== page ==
(vi) A breakable container that contains a flammable liquid with a flash point of one hundred fifty degrees Fahrenheit or less and that has a wick or similar device capable of being ignited.

(vii) A chemical or combination of chemicals, compounds or materials, including dry ice, that is possessed or manufactured for the purpose of generating a gas to cause a mechanical failure, rupture or bursting or an explosion or detonation of the chemical or combination of chemicals, compounds or materials.

(viii) An improvised explosive device.

(ix) Any combination of parts or materials that is designed and intended for use in making or converting a device into an item set forth in item (i), (vi) or (viii) of this subdivision.

(b) Does not include:

(i) Any fireworks that are imported, distributed or used in compliance with state laws or local ordinances.

(ii) Any propellant, propellant actuated devices or propellant actuated industrial tools that are manufactured, imported or distributed for their intended purposes.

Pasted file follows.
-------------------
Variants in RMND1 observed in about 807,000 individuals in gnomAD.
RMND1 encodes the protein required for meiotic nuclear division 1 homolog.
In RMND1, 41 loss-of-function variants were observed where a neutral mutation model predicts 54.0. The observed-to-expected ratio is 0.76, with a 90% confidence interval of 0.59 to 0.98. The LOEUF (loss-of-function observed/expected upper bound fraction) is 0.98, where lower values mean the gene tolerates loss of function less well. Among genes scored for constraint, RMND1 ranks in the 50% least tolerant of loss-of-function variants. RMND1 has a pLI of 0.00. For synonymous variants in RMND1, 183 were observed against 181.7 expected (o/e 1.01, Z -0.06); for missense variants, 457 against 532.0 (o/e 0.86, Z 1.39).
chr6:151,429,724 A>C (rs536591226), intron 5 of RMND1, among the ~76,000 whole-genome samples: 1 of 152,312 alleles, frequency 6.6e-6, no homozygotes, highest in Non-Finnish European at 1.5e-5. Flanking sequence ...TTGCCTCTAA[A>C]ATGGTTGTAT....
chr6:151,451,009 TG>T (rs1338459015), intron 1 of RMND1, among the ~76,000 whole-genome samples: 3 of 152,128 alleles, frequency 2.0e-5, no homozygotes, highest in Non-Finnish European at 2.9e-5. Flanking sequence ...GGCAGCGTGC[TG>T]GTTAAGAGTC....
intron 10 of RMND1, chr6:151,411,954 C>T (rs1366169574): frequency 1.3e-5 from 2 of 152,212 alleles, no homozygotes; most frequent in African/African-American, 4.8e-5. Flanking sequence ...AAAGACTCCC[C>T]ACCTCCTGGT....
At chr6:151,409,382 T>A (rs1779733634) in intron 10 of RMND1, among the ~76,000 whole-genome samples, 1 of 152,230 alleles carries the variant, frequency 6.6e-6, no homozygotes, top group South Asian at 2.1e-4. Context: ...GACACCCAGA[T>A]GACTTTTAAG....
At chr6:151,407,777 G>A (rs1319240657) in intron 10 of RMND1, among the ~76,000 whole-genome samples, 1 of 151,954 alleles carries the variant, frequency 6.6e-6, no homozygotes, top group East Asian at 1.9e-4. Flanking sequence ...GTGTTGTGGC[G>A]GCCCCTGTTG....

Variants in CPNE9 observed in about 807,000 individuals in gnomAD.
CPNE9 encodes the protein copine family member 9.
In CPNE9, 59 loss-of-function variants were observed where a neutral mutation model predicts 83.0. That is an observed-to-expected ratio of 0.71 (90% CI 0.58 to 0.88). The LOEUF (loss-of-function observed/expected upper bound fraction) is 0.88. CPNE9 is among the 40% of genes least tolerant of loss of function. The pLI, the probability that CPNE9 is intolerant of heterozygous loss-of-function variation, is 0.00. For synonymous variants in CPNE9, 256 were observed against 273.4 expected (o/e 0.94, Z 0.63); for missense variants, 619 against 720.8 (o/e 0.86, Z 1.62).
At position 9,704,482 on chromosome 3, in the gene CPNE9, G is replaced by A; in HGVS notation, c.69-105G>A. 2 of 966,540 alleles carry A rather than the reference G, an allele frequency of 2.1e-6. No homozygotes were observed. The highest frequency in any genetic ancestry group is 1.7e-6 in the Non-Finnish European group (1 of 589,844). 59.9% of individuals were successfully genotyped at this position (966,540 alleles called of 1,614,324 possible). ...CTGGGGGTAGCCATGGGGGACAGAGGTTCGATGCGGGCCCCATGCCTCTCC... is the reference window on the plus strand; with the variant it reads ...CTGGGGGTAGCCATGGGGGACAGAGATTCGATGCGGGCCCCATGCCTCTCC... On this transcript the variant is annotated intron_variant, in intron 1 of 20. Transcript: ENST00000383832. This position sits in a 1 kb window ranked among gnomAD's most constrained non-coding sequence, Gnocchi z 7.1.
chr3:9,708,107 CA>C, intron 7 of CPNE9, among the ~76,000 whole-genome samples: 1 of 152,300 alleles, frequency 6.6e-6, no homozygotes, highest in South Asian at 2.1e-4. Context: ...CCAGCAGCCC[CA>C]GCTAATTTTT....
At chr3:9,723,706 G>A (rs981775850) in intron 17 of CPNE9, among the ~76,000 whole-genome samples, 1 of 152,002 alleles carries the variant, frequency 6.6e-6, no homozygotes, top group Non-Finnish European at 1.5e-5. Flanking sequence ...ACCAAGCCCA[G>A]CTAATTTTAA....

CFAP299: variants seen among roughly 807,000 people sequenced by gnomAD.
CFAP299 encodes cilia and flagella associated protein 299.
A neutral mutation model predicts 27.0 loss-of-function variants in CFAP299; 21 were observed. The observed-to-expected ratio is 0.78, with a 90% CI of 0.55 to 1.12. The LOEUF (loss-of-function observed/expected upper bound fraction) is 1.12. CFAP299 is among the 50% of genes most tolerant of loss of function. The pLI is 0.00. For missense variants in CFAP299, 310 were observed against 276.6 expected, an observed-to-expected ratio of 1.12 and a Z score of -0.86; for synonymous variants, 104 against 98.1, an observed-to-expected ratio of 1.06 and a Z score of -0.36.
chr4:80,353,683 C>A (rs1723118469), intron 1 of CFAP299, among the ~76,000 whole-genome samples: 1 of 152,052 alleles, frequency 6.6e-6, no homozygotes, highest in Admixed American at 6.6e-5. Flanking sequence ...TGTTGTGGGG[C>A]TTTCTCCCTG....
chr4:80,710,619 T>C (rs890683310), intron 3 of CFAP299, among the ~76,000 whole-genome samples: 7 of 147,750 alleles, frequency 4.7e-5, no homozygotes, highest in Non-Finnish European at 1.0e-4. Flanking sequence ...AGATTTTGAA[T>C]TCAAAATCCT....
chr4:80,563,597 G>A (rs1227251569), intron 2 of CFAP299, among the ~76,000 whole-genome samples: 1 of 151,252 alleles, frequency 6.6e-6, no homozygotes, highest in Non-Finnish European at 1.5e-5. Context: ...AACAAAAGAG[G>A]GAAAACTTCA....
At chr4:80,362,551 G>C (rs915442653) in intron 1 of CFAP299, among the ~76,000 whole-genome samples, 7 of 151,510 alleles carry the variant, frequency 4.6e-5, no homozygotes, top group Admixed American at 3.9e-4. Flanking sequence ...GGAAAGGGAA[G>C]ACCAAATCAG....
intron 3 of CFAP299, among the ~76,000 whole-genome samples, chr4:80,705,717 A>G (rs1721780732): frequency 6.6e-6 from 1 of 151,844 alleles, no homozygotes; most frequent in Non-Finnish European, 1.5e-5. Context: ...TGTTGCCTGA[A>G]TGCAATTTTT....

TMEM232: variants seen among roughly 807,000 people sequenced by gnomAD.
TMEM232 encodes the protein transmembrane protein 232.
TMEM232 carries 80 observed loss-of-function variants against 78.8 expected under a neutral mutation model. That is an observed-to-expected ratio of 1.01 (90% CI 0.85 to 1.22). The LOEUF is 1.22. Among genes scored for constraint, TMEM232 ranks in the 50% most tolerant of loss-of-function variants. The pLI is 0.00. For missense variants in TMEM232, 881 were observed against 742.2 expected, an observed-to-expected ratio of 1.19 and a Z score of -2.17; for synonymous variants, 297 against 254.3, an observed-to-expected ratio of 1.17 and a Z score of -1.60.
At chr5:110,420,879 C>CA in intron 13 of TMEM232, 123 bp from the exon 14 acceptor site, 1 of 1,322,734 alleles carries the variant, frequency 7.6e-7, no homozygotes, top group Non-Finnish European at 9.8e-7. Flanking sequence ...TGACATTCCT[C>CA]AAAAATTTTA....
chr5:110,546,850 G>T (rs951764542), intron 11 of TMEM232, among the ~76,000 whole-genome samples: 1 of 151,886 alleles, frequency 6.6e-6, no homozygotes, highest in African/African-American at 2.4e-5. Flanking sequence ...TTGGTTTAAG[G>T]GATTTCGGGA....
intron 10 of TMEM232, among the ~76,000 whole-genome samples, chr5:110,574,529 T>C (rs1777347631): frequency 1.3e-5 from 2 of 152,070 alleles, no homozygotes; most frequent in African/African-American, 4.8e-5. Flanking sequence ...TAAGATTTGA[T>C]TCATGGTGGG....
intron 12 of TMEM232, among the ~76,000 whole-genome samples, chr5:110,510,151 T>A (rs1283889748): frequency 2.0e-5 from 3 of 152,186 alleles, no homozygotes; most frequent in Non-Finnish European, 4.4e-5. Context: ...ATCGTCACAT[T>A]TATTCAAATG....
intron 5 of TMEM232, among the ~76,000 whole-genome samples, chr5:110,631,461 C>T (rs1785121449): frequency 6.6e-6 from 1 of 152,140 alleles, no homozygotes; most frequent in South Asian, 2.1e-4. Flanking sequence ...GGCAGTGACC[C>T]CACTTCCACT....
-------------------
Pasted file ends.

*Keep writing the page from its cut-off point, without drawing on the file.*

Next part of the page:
(iii) A device that is commercially manufactured primarily for the purpose of illumination.

B. The items set forth in subsection A, paragraph 8, subdivision (a), items (i), (ii), (iii) and (iv) of this section do not include any firearms or devices that are registered in the national firearms registry and transfer records of the United States treasury department or any firearm that has been classified as a curio or relic by the United States treasury department.

Emphasis mine.

In short, so long as one complies with the National Firearms Act of 1934 (the NFA) and other relevant Federal laws NFA items, including suppressors, are not restricted or otherwise regulated by the state of Arizona. Simple.

If one doesn’t comply with the NFA and other relevant Federal law relating to NFA weapons, then one is in violation of both Federal law and state law and in for a world of hurt. The ATF does not like it when people break the NFA, and penalties can include a felony conviction, 10 years in jail, and a $250,000 fine. Not fun.